Martha Odom talks with Lawrence Behmer, Portland Citizen Corp Chair; Ed Rentz, NET leader for Laurelhurst; and Leah Grey, KBOO volunteer currently taking the NET training, about the teams and the free classes for people who will be first-on-scene in the event of a disaster.
This news segment, initially aired Feb 19, 2008, highlights the killing of Lawrence King, the 15-year-old 8th-grader who was killed inside of his middle school because he was gay and gender non-conforming.
I usually don't think of blogs as news sources, but this one lists not only facts but raises serious questions.
At the beginning of the original show that aired 2/19/08 included a 10 minute news story of Lawrence King, shot and killed inside of his middle school on 2/12/08. I edited out that news story and that audio is seperate from this segment.
Host Dr. David Naimon interviews #1 New York Times Bestselling author, Dr. Dean Ornish about his new book "The Spectrum: A scientifically proven program to feel better, live longer, lose weight and gain health." (www.ornishspectrum.com)
Leigh Anne Kranz interviews Galadriel Mozee', a community activist who helped establish the Healing Roots Center and is currently working at Sisters of the Road Cafe. Galadriel mentors African American teens about their rights with police and talks of the history of activism in the black community.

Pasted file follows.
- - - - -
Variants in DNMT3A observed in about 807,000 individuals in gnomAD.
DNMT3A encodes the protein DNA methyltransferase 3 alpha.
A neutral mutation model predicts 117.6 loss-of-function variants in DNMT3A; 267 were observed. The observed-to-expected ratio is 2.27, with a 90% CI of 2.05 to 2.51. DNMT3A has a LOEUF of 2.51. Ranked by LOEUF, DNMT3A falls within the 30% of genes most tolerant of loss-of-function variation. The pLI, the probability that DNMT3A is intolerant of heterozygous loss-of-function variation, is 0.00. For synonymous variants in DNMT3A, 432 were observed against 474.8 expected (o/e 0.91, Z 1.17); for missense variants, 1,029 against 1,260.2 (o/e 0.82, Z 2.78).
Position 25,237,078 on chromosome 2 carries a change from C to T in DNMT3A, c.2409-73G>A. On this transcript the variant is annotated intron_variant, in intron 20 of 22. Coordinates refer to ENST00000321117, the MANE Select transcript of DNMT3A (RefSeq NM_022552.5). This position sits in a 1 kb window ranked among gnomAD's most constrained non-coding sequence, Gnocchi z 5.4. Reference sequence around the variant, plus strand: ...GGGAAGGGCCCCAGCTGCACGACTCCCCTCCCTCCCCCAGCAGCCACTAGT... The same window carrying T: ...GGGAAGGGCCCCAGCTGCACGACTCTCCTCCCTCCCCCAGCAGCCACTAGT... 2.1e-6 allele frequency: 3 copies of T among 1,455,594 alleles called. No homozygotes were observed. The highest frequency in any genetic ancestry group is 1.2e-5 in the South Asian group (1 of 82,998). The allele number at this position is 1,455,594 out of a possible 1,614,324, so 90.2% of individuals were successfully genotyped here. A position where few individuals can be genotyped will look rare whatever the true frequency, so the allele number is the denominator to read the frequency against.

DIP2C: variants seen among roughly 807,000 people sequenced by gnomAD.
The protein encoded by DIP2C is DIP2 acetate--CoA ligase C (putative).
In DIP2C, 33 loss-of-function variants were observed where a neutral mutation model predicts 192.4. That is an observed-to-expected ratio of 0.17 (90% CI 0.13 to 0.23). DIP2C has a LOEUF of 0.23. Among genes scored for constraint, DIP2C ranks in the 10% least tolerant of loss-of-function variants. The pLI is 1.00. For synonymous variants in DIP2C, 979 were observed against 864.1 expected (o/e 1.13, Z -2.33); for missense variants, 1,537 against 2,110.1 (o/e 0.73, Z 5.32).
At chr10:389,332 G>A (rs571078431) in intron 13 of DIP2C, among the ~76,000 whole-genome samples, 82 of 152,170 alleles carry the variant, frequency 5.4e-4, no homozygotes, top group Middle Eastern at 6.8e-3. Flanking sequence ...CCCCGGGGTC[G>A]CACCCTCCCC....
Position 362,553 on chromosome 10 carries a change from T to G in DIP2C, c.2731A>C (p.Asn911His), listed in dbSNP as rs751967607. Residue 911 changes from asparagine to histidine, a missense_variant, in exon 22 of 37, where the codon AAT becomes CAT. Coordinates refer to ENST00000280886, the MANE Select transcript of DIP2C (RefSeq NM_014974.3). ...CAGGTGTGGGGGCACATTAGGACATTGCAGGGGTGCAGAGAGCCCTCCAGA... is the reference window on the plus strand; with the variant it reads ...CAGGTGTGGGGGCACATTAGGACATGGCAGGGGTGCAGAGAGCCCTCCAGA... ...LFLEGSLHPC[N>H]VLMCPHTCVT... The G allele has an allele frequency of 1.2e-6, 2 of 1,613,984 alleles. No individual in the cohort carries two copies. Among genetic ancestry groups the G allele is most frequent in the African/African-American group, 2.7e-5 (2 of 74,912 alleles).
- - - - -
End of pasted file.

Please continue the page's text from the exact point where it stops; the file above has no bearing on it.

We speak with local creators of two documentaries about Sierra Leone: Diamonds, Guns and Rice, and Moving to the Beat.Jan Haaken talks about Diamonds, Guns and Rice, which focuses on women’s perspectives on war and the peace process in Sierra Leone. She also is one of the Producers of Moving to the Beat. We’ll talk with Abdul Fofana, Moving to the Beat director, local videographer PC Perry and members of the Portland hip hop group, Rebel Soulz about hip hop, war, identity and their experiences making this film
A coalition of Native Americans, border residents, and community groups continue the fight for their lands in the Rio Grande Valley.The Department of Homeland Security says it will seize Apache and other private lands using eminent domain to build the border wall and militarize the zone.
The Native American Occupation of Alcatraz Island began on November 20, 1969. At about 2 a.m., nearly eighty American Indians from more than twenty tribes pulled up to the island's eastern shore in three boats, and the island of Alcatraz was occupied until June 11, 1971. We talk with Robert Free Galvin and Lenny Foster, veterans of the Alcatraz movement, and also hear audio fromIndian Land Radio, and other recordings made during the occupation.